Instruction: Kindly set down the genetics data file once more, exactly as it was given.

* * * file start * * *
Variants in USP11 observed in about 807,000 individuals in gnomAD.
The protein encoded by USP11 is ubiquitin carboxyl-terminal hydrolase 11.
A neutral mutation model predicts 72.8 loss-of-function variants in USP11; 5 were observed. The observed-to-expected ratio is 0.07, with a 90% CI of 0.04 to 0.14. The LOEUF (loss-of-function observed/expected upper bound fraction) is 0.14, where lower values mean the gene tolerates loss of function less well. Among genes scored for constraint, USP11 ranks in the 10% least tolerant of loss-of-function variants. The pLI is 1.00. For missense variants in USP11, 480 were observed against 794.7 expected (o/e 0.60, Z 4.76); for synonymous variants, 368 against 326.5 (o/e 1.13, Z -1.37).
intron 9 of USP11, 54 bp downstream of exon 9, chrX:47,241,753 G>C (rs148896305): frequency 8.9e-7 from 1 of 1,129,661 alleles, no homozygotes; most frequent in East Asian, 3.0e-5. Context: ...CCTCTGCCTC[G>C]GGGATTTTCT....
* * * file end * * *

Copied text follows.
Variants in USP11 observed in about 807,000 individuals in gnomAD.
The protein encoded by USP11 is ubiquitin carboxyl-terminal hydrolase 11.
A neutral mutation model predicts 72.8 loss-of-function variants in USP11; 5 were observed. The observed-to-expected ratio is 0.07, with a 90% CI of 0.04 to 0.14. The LOEUF (loss-of-function observed/expected upper bound fraction) is 0.14, where lower values mean the gene tolerates loss of function less well. Among genes scored for constraint, USP11 ranks in the 10% least tolerant of loss-of-function variants. The pLI is 1.00. For missense variants in USP11, 480 were observed against 794.7 expected (o/e 0.60, Z 4.76); for synonymous variants, 368 against 326.5 (o/e 1.13, Z -1.37).
intron 9 of USP11, 54 bp downstream of exon 9, chrX:47,241,753 G>C (rs148896305): frequency 8.9e-7 from 1 of 1,129,661 alleles, no homozygotes; most frequent in East Asian, 3.0e-5. Context: ...CCTCTGCCTC[G>C]GGGATTTTCT....